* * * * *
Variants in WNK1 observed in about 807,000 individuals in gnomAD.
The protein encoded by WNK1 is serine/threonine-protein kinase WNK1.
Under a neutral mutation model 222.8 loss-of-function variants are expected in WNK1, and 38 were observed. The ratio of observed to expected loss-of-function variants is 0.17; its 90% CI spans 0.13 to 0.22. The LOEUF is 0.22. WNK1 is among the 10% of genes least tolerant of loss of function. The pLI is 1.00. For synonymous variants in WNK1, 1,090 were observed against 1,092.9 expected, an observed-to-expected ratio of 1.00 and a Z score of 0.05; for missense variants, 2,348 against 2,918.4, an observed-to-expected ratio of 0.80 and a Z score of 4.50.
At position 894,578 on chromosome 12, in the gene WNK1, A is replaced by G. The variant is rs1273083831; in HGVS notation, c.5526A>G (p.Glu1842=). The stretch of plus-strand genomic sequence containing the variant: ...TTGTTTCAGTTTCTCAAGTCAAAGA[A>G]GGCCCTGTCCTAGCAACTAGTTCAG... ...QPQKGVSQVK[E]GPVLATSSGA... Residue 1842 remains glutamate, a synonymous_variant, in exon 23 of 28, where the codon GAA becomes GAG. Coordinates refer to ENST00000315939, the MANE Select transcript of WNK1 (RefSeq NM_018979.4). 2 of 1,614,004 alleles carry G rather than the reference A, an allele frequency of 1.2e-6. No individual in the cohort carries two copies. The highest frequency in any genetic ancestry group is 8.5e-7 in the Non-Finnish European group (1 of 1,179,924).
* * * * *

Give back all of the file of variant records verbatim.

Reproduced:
Variants in WNK1 observed in about 807,000 individuals in gnomAD.
The protein encoded by WNK1 is serine/threonine-protein kinase WNK1.
Under a neutral mutation model 222.8 loss-of-function variants are expected in WNK1, and 38 were observed. The ratio of observed to expected loss-of-function variants is 0.17; its 90% CI spans 0.13 to 0.22. The LOEUF is 0.22. WNK1 is among the 10% of genes least tolerant of loss of function. The pLI is 1.00. For synonymous variants in WNK1, 1,090 were observed against 1,092.9 expected, an observed-to-expected ratio of 1.00 and a Z score of 0.05; for missense variants, 2,348 against 2,918.4, an observed-to-expected ratio of 0.80 and a Z score of 4.50.
At position 894,578 on chromosome 12, in the gene WNK1, A is replaced by G. The variant is rs1273083831; in HGVS notation, c.5526A>G (p.Glu1842=). The stretch of plus-strand genomic sequence containing the variant: ...TTGTTTCAGTTTCTCAAGTCAAAGA[A>G]GGCCCTGTCCTAGCAACTAGTTCAG... ...QPQKGVSQVK[E]GPVLATSSGA... Residue 1842 remains glutamate, a synonymous_variant, in exon 23 of 28, where the codon GAA becomes GAG. Coordinates refer to ENST00000315939, the MANE Select transcript of WNK1 (RefSeq NM_018979.4). 2 of 1,614,004 alleles carry G rather than the reference A, an allele frequency of 1.2e-6. No individual in the cohort carries two copies. The highest frequency in any genetic ancestry group is 8.5e-7 in the Non-Finnish European group (1 of 1,179,924).